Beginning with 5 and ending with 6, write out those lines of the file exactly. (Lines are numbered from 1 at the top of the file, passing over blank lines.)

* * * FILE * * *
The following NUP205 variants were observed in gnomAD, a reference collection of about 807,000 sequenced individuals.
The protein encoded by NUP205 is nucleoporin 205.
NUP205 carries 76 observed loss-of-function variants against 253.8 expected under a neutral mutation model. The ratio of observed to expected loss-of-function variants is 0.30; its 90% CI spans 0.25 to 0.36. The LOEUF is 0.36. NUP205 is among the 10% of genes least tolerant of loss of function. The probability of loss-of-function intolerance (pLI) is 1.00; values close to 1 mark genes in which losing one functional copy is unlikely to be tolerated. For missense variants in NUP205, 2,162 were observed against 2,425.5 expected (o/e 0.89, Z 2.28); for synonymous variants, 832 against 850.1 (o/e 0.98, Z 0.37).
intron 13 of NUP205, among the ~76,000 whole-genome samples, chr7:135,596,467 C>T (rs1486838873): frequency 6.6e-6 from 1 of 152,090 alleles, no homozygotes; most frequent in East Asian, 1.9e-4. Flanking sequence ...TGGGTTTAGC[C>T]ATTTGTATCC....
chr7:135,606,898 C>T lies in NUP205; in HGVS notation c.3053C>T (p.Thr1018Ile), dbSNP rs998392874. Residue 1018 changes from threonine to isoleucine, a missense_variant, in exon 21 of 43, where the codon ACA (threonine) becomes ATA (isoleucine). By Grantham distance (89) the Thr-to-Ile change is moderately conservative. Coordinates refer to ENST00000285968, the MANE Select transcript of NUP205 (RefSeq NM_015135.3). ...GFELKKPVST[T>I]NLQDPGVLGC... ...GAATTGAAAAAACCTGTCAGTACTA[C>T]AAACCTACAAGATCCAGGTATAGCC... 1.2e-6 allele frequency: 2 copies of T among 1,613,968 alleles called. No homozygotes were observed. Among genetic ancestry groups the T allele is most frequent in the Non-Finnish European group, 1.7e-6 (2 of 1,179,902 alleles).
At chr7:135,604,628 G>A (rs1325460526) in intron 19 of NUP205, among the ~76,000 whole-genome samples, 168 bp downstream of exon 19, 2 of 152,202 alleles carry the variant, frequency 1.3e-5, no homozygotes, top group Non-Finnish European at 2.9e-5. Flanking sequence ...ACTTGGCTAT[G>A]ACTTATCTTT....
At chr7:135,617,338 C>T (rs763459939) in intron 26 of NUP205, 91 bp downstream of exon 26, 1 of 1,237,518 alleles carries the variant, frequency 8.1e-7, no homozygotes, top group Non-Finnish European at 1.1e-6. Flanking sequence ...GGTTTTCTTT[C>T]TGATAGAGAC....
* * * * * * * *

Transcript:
chr7:135,606,898 C>T lies in NUP205; in HGVS notation c.3053C>T (p.Thr1018Ile), dbSNP rs998392874. Residue 1018 changes from threonine to isoleucine, a missense_variant, in exon 21 of 43, where the codon ACA (threonine) becomes ATA (isoleucine). By Grantham distance (89) the Thr-to-Ile change is moderately conservative. Coordinates refer to ENST00000285968, the MANE Select transcript of NUP205 (RefSeq NM_015135.3). ...GFELKKPVST[T>I]NLQDPGVLGC... ...GAATTGAAAAAACCTGTCAGTACTA[C>T]AAACCTACAAGATCCAGGTATAGCC... 1.2e-6 allele frequency: 2 copies of T among 1,613,968 alleles called. No homozygotes were observed. Among genetic ancestry groups the T allele is most frequent in the Non-Finnish European group, 1.7e-6 (2 of 1,179,902 alleles).
At chr7:135,604,628 G>A (rs1325460526) in intron 19 of NUP205, among the ~76,000 whole-genome samples, 168 bp downstream of exon 19, 2 of 152,202 alleles carry the variant, frequency 1.3e-5, no homozygotes, top group Non-Finnish European at 2.9e-5. Flanking sequence ...ACTTGGCTAT[G>A]ACTTATCTTT....